We passed by a small village before he took me to my hostel. He bought sacks of hay for his horse. There, I observed how simple the lives of the locals were. Burmese are happy people. They seemed content on the very basic and simple things that they have.

Life is obviously hard in Bagan but it didn't seem like it. Unlike in let's say Cambodia, you will be pestered by a lot of vendors in every temple you visit. They will even follow you around even if you already said no several times. In Bagan, I did not have that trouble. Maybe the worst thing you can experience are horse cart drivers over-pricing their rate. But once you see how they live day to day, you wouldn't feel so bad for giving them that extra money.

Realizations. Maybe that's one reason why I wouldn't stop traveling. Sometimes your destination is actually somewhere within you.

“All journeys have secret destinations of which the traveler is unaware.” ~Martin Buber

This is Part 6 of my Myanmar travel series.

Thursday, May 16, 2013

That Magical Bagan Sunrise

5/16/2013 01:51:00 PM 8 Comments

Myanmar Day 3

I arrived in Bagan at 3:00 AM, too early to do anything. I was approached by a horse cart driver and asked where am I heading. I told him the name of the guesthouse and asked for the price. He quoted me 5000 kyats, I said no and told him I'll just pay 2000 kyats (because I know that's the standard rate from the bus station). I even joked around and told him "I'm from the Philippines. I don't have that much money." He laughed and said "Okay, let's go." :)

I was not able to check-in right away because the guesthouse we found was full (just click on the link for the full story). Some guests will be checking out by 8:00, so I had to wait. He offered me to go straight to a Sunrise Tour. After some negotiations, we agreed. He took me back to the bus station to pass time in the tea house there, because it was only 3:45. My cart driver Mihn, insisted to pay for my tea. It was so nice of him. By the way, it was one of the best milk tea I've ever tasted.

I was getting so bored that at around 4:30, I asked Mihn if we can already go.  I just changed my clothes and then we went. I only saw 2 other carts on the road while we were on our way to the sunrise temple. I guess I was really too prompt.

Bagan at 5:09 AM

We reached the sunrise temple by 5:00 AM. There's already one cart parked when we arrived. I was the second earliest there. I was a little hesitant at first, because the temple isn't that high. I was wondering if it is the best vantage point to see the sunrise. I made a deal with my driver that if I don't like it up there, I'll go back down and we'll proceed to another temple.

When I made it to the top, I was surprised that there's just one person there. Hmmm, a fellow solo traveler. I can hardly see him because it was still very dark (see the photo above). Only the moonshine lit up the stairs as I climbed up.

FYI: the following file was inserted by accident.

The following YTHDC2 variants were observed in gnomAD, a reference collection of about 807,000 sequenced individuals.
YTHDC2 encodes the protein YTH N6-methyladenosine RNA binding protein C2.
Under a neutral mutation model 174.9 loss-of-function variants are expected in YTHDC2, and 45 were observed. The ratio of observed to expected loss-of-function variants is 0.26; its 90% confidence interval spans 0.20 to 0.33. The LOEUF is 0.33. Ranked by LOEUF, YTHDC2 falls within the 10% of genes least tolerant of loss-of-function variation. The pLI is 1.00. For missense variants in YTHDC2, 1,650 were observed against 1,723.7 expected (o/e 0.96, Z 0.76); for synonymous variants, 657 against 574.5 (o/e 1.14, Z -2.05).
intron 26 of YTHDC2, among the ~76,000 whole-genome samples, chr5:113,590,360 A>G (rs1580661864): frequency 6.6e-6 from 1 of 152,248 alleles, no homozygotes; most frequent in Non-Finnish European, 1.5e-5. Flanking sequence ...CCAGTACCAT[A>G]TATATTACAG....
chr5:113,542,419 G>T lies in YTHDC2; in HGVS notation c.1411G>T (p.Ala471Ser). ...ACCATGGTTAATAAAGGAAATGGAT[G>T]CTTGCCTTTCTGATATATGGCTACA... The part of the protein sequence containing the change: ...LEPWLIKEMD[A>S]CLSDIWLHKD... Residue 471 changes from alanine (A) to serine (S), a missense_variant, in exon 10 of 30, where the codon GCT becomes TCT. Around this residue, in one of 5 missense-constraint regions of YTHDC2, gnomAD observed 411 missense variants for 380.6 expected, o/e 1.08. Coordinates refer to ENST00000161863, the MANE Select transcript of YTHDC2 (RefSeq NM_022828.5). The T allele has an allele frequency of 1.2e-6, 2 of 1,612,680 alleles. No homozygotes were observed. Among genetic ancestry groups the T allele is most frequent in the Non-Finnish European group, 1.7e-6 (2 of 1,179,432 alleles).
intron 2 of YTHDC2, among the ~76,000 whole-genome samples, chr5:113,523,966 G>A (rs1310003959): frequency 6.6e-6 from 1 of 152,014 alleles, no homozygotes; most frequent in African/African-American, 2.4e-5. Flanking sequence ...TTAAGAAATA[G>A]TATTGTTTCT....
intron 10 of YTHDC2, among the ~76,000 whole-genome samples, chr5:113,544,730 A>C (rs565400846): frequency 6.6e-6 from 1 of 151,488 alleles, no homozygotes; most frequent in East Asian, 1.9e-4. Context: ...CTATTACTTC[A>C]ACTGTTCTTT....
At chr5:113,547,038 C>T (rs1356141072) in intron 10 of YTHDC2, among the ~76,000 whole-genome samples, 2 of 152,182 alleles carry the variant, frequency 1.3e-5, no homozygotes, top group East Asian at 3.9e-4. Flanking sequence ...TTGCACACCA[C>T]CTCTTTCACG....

Bagan twilight

I haven't been talking to anyone since I boarded the night bus, not until I met my cart driver. I really felt like I wanted to talk to someone. Yeah, solo traveler problems. :) I greeted the lone stranger with my friendliest smile and started a conversation.

He was a little condescending at first, very formal and he hardly smiles. He was like gauging me. Well, like what I said, I really wanted to chat with someone so I never stopped bothering him haha. I mean, c'mon there's just the two of us on top of that temple. Until finally, I made him laugh and he then started to open up. :)

breaking dawn

Our conversation went on and on as the sun started to rise. Other people were starting to arrive too. By 6:30 AM, we got some company. I already forgot about what I told my cart driver. Needless to say, I never descended the temple anymore. We hit it off. It feels great meeting someone who thinks and likes the same things as you do. It never felt like talking to a stranger despite the cultural difference. I never felt intimidated.

It took a while for the sun to come out. It was already 7:00 AM and it was just barely peeking out from the clouds. I think we enjoyed talking so much that we didn't go to the east point of the temple when it was still early. By the time the sun was out, the good spots were already taken. Bummer. I know.

that elusive sunrise

Finally, the sun came out. Our gabfest was interrupted. Time to take some photos.

sun shower

The sunrise that day was actually not as lovely as those I've seen in the photos on the net. But I was still in awe. Just seeing those pagodas in different shapes and sizes in as far as your eyes can see, while the sun was slowly shedding light gave me goosebumps. It was just, wow.

good morning Bagan

Solo travelers took turns taking photos of each other, that includes me haha.

Thanks for this not so good shot, Alex! ;)

It was already 8:00 AM when the sun totally came out. Imagine, we waited for 3 hours! Well, there was nothing much I can do because I don't have a place to stay yet. And it's not everyday that I can spend time at the top of a pagoda under the moon till daybreak. I also enjoyed the company of a kindred spirit, so it was all good.

thousands of Bagan temples 

We decided to leave at around 8:40 AM. I was surprised when he asked me how can we see each other again. Of course I answered, I don't know. Simply because I really don't and I don't even know if there's a need to. He then asked where I was staying. Again, I said I don't know because I can't remember its name. My driver just took me there. I can see that he was really serious about it so, I just described the location. Then he pulled out his room key and showed it to me. We have the same guesthouse! Then he went ahead smiling, saying "I'll see you around then".

our horse carts under the tree :)

We both hired our carts that morning so, we went around Bagan on our own. I decided to continue with a Half-Day Tour and see as much temple as I could, since I'm already out there. It will also be better to temple run in the morning while the sun is not yet on its hottest.

This post (and the following ones) might seem to be a bit more personal than my usual. But I think I have to write about every travel experiences I had. For me, traveling is not just about arriving at a certain place or the seeing of beautiful sights. I also look forward to distinct and enriching experiences, something that changes me and my perspective on things. :)

Serendipity (n) - finding something good without looking for it.

“...sometimes one feels freer speaking to a stranger than to people one knows. Why is that?” “Probably because a stranger sees us the way we are, not as he wishes to think we are.” ~Carlos Ruiz Zaf√≥n, The Shadow of the Wind

This is Part 5 of my Myanmar travel series.